Council of Europe report on violence against women in France calls for better protection for victims
First-ever report on country’s implementation of the Istanbul Convention highlights need to provide suitable and accessible services
A new report analysing France’s implementation of the Convention on Preventing and Combating Violence against Women and Domestic Violence (the Istanbul Convention) has commended the country’s commitment to the Convention, which it signed in 2011. However it also highlighted a number of failings.
The report by the Council of Europe's Group of Experts on Action against Violence against Women and Domestic Violence (GREVIO) is a means of monitoring and evaluating processes for the Convention.
The report notes that despite progress, levels of violence against women, and the impunity of perpetrators remains worrying. A number of the report’s 13 recommendations apply to foreign-born people confronted with domestic violence in France, including highlighting the urgent need for France to:
adopt legal measures to protect women from economic violence
pursue efforts to eliminate discrimination against marginalised and minoritised groups of women by taking an intersectional approach
strengthen inter-institutional cooperation, strengthen stakeholders' ability to take concerted action, and ensure that professionals are properly trained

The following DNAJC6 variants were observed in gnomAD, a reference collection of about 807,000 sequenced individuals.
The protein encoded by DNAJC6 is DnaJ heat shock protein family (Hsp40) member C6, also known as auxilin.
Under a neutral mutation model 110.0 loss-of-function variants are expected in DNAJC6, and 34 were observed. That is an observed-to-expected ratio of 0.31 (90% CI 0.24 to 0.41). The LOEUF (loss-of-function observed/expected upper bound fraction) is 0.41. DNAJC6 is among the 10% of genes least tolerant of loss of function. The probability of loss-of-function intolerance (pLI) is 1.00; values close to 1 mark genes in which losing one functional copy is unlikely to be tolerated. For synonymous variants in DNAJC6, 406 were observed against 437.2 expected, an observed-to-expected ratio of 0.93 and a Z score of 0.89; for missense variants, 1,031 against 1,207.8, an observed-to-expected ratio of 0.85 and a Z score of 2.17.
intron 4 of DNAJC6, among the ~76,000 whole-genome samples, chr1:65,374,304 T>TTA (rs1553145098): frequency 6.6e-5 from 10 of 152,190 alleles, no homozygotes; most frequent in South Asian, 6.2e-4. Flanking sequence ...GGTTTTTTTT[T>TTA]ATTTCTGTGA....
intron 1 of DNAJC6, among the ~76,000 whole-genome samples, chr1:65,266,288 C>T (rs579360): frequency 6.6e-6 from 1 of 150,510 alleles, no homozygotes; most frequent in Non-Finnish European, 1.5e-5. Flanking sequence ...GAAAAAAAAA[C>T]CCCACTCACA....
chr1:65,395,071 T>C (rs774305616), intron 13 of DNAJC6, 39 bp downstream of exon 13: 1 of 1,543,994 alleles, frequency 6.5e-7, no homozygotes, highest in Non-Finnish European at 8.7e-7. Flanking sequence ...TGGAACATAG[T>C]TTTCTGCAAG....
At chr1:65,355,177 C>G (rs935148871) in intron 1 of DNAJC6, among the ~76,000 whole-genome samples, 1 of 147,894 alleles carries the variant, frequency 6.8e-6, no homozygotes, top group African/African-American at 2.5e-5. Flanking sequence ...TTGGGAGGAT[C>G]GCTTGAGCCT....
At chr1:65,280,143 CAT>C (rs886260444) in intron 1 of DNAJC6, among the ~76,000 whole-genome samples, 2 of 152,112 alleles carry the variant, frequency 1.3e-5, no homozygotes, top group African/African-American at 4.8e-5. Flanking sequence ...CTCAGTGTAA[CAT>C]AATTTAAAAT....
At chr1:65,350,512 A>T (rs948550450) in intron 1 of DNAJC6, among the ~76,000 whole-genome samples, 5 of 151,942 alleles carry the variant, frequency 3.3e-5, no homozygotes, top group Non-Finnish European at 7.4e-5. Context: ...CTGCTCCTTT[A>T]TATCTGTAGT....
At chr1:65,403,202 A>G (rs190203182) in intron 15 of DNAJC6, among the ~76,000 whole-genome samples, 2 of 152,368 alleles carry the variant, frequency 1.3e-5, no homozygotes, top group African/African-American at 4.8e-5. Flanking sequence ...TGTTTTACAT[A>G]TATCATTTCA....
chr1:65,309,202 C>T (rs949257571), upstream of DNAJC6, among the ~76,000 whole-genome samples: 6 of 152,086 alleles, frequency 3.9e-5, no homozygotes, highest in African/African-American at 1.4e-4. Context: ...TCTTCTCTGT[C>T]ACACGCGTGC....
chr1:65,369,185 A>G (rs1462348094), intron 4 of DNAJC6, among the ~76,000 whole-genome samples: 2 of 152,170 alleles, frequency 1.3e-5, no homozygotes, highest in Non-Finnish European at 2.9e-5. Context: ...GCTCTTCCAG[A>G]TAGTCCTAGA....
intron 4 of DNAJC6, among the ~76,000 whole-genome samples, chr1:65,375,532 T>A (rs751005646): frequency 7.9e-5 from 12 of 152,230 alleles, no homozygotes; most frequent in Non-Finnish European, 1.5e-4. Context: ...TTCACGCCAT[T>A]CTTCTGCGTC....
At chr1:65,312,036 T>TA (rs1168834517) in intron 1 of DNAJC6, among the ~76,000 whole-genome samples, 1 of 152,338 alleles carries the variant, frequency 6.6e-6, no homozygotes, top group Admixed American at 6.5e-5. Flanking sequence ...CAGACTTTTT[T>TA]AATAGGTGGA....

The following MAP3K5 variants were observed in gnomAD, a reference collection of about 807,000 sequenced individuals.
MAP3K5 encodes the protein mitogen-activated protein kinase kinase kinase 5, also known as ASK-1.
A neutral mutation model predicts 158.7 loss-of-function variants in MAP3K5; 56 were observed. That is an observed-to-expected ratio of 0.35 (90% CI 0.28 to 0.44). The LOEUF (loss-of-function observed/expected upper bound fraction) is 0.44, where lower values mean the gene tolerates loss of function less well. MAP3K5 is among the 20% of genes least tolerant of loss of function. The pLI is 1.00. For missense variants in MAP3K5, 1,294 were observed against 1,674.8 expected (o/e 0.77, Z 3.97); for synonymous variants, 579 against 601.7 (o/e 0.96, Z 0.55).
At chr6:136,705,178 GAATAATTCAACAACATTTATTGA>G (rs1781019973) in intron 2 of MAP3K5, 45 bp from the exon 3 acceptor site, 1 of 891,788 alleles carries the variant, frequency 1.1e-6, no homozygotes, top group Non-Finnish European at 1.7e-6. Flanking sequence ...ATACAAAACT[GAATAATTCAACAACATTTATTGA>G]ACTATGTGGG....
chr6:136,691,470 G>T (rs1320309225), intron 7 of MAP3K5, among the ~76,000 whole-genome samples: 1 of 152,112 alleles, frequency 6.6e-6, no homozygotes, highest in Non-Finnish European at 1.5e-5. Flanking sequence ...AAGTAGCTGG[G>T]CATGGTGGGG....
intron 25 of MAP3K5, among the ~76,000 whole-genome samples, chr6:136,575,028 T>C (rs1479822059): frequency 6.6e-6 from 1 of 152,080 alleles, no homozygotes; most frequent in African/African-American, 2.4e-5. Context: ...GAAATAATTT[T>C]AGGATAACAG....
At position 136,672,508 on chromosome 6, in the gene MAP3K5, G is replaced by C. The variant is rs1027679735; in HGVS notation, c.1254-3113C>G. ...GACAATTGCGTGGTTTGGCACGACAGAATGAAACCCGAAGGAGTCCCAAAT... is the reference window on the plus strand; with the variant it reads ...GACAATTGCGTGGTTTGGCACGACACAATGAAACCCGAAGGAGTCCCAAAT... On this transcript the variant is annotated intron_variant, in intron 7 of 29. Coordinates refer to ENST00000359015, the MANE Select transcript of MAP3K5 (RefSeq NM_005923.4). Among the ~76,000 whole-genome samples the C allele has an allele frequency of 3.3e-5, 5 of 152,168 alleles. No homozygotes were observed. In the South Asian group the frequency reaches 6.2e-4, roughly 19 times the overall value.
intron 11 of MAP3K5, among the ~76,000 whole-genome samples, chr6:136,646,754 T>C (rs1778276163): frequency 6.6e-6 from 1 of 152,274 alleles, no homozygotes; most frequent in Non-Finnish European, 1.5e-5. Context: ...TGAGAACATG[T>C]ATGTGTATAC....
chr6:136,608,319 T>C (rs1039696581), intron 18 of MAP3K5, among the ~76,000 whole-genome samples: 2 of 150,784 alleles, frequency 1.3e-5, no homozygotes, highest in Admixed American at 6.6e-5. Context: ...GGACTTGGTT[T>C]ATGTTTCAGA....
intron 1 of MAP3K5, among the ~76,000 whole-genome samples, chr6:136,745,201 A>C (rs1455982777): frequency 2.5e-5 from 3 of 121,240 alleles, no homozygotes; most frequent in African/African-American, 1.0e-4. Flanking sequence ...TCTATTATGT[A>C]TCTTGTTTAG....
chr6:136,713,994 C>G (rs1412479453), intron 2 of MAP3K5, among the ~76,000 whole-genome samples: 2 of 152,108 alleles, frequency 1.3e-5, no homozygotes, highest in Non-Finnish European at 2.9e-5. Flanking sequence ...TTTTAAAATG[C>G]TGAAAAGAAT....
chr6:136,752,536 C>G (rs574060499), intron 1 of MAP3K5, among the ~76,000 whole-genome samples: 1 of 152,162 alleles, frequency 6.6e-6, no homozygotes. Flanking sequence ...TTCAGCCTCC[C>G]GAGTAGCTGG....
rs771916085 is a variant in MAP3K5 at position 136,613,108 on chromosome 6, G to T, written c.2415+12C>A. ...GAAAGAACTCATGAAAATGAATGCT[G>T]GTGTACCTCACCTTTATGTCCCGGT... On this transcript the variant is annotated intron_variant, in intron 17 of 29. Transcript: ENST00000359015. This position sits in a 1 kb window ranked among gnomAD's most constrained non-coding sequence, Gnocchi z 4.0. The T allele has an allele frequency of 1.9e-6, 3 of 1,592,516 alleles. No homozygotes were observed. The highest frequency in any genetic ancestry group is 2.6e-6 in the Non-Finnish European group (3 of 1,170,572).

increase the budget for preventing and combating violence against women, and provide financial support to specialised associations.
Reform required for residency rights for people fleeing violent partners
Reform regarding the residency rights of victims of domestic violence was strongly recommended. The report stated “authorities should take the necessary measures to improve the processing of applications”.
The report also raised the alarm about Algerian victims being excluded from the protections in place, and called for reform so that women are not “discriminated against on the grounds of their nationality”.
Discrimination hindering women’s pathways from domestic violence to safety and independence
The report notes that “discrimination against certain groups of women, for example by law enforcement, the judiciary or service providers, is still widespread”, and that institutional responses must address the lack of accessibility of information about rights, insufficient identification, lack of mobility, inadequate existing support and protection services, and persistent negative stereotypes about these women.
Also highlighted was the need for institutional coordination and to make information and services more accessible, and it was suggested that this could be achieved through:
improving data collection, particularly at the level of justice and law enforcement agencies
training for all professionals, including staff in contact with women asylum-seekers
increasing the number of specialised services
ensuring the operation of a national helpline 24 hours a day, seven days a week.
France has been invited to report back to GREVIO on the measures taken to improve the implementation of the Convention by January 2023.
To read more about the Istanbul Convention, click here.
To access the GREVIO report, click here.